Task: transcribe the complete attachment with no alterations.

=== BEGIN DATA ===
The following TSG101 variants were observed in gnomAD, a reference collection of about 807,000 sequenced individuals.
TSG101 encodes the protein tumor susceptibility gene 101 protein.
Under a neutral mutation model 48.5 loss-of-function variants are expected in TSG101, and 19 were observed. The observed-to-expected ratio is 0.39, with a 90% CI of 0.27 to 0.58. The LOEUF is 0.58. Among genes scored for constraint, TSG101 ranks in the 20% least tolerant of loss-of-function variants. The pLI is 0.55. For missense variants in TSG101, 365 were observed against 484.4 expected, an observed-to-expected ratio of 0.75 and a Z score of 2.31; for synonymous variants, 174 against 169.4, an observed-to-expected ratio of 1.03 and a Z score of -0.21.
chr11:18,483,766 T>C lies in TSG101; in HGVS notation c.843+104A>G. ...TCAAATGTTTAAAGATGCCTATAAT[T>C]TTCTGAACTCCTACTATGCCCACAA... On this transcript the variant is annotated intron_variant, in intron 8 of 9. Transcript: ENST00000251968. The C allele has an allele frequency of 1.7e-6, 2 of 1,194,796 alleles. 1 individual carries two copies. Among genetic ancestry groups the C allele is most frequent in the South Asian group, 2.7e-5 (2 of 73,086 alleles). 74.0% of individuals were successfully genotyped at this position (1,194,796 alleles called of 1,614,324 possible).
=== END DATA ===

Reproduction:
The following TSG101 variants were observed in gnomAD, a reference collection of about 807,000 sequenced individuals.
TSG101 encodes the protein tumor susceptibility gene 101 protein.
Under a neutral mutation model 48.5 loss-of-function variants are expected in TSG101, and 19 were observed. The observed-to-expected ratio is 0.39, with a 90% CI of 0.27 to 0.58. The LOEUF is 0.58. Among genes scored for constraint, TSG101 ranks in the 20% least tolerant of loss-of-function variants. The pLI is 0.55. For missense variants in TSG101, 365 were observed against 484.4 expected, an observed-to-expected ratio of 0.75 and a Z score of 2.31; for synonymous variants, 174 against 169.4, an observed-to-expected ratio of 1.03 and a Z score of -0.21.
chr11:18,483,766 T>C lies in TSG101; in HGVS notation c.843+104A>G. ...TCAAATGTTTAAAGATGCCTATAAT[T>C]TTCTGAACTCCTACTATGCCCACAA... On this transcript the variant is annotated intron_variant, in intron 8 of 9. Transcript: ENST00000251968. The C allele has an allele frequency of 1.7e-6, 2 of 1,194,796 alleles. 1 individual carries two copies. Among genetic ancestry groups the C allele is most frequent in the South Asian group, 2.7e-5 (2 of 73,086 alleles). 74.0% of individuals were successfully genotyped at this position (1,194,796 alleles called of 1,614,324 possible).